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Posted 10/21/14 at 9:46 AM | Phil Cooke
From time to time I’m asked “Is anyone doing Christian media well?” It’s a good question, since so many are doing it badly. I often joke that I want to create a Museum of Bad Christian Media, but I can’t find a building big enough. But the truth is, many are doing it right. So from time to time on this blog I’m going to highlight media leaders and organizations that are making a difference. This list isn’t about theological persuasion or doctrinal differences. It’s about people who are making a significant difference through media. Here’s a handful we can start with:
Brian Houston – Pastor, Hillsong Church in Sydney. When it comes to legacy, Brian will have built a pretty serious one, and a significant part of that is media. Hillsong Church created a worship music platform before many knew what worship music was, and from Darlene Zschech to Hillsong United, they’re changing the way the church worships. He’s built a team that’s not only launched churches around the world, but used television, short films, social media, and now feature films to share a message about Jesus. Hillsong NYC’s “No Other Name” campaign in Time Square was seen throughout the world, and the feature film “Let Hope Rise” featuring Hillsong United will be released the week of April 1, 2015 by Warner Brothers Pictures. FULL POST
Posted 10/20/14 at 11:46 AM | Phil Cooke
It started when Fox News broke the explosive story: “The city of Houston has issued subpoenas demanding a group of pastors turn over any sermons dealing with homosexuality, or gender identity. And those ministers who fail to comply could be held in contempt of court.” The Houston Chronicle reported it began with Houston’s new non-discrimination ordinance driven by Annise Parker (pictured above), Houston’s first openly lesbian mayor and approved by the city council in June. A group of Houston pastors opposing the ordinance launched a petition drive that generated more than 50,000 signatures – far more than the 17,269 needed to put a referendum on the ballot. But in a controversial turn the city unexpectedly tossed out the petition in August over alleged “irregularities.” The opponents of the non-discrimination bill (which originally included among other things that men could use women’s restrooms and visa-versa – but that point was pulled early over the criticism) filed a lawsuit, and the city attorney responded by issuing the subpoenas against the pastors. FULL POST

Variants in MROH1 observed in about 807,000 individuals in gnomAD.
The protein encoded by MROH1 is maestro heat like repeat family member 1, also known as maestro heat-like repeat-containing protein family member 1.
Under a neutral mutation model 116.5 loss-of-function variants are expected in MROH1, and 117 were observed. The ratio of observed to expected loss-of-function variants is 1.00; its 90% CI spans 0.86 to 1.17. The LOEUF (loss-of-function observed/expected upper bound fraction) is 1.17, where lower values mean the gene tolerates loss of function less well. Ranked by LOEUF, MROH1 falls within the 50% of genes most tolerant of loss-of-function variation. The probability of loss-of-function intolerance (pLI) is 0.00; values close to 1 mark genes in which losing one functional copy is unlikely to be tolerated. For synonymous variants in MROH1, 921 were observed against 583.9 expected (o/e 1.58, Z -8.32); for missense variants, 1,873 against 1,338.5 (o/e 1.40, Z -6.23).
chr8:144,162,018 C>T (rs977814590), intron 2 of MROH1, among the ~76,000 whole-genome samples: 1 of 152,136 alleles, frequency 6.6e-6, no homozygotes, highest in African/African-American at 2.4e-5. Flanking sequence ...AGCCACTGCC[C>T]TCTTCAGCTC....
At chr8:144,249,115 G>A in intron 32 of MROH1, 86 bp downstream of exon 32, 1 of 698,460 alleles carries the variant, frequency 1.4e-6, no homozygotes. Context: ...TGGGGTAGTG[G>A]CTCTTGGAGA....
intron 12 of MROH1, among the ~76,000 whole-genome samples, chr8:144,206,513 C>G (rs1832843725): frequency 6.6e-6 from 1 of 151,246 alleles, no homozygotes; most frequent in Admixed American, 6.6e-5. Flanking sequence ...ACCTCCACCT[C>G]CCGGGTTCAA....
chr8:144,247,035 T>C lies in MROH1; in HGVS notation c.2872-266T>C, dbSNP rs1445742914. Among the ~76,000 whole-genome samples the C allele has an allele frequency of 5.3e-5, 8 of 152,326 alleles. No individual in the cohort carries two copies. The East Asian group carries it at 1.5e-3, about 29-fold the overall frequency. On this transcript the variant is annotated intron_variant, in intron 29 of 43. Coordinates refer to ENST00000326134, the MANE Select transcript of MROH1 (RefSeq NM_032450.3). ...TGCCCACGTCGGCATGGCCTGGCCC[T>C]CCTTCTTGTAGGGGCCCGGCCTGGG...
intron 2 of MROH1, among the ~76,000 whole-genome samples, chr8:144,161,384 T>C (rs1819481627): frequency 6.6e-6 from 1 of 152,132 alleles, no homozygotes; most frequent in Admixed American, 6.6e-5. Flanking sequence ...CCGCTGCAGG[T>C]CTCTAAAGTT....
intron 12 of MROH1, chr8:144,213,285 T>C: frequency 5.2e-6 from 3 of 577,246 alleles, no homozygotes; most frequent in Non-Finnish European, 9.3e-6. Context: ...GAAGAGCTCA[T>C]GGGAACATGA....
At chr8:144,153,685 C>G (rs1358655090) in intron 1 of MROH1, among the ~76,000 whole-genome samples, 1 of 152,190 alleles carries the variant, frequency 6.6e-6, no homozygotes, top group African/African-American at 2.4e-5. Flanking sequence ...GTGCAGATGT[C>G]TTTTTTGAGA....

Posted 10/15/14 at 9:10 AM | Phil Cooke
It’s widely believed that in the digital age, television is dead. But as with many rumors, nothing could be further from the truth. That lesson is supported by recent research from Nielsen Ratings. Plus, you’ll be surprised at who’s watching TV versus spending time online. Here’s some of the findings:
Number of TV channels in the average home in America: 189
Number of channels consistently watched per home: 17
50% of all TV viewing comes from 20% of the audience.
705 minutes – the average time “heavy” viewers watch TV per day.
86% of Americans use their smartphones as a “second screen” while watching TV. But watching TV is their primary behavior.
There’s much more in the report, and here’s a list of Nielsen reports on media and entertainment. My point is that we don’t learn anything from rumor and myth. Understanding behavior is critical to connecting with audiences in the 21st century. FULL POST
Posted 10/14/14 at 10:30 AM | Phil Cooke
In the digital age, there’s plenty of controversy about traditional advertising versus digital advertising and social media (not to mention guerrilla advertising.) But a recent survey from HUB Entertainment Research reveals the truth about how people find new TV programs. The results may be surprising:
58% – Traditional Advertising
41% – Word of Mouth
34% – TV Channel Guide
20% – Facebook Post
19% – Editorial Content
11% – Previews
10% – Recommended by Sites and Apps
6% – Twitter Post
4% – Other Social Media
In the survey, nearly 60% of viewers aged 16-64 who watch at least 5 hours of TV per week and use social media at least once a month say they started watching a new show because of traditional advertising. And according to Variety Magazine, once viewers become fans of a show, about half will engage with the content on social media, but they don’t make it a habit. FULL POST
Posted 10/10/14 at 10:30 AM | Phil Cooke
There’s a flood of self-help and positive thinking books and teaching out there, and it’s infected the church in a big way as well. I’m a positive person, but it doesn’t take much study of great leaders and innovators to realize that life isn’t about what most people call “success.” That’s why a recent devotional from 843 Acres caught my attention. If you don’t receive Park Forum’s 843 Acres email devotional, I highly recommend it, because in this case, I can do no better than simply quote it and ask you to compare it to how you evaluate your accomplishments in life:
Success: On Wall Street, success is measured when the closing bell rings. On Capitol Hill, it’s measured when constituents cast their votes. When it comes to our lives, however, how do we measure success? How do we determine whether a life was well lived? FULL POST
Posted 10/8/14 at 9:39 AM | Phil Cooke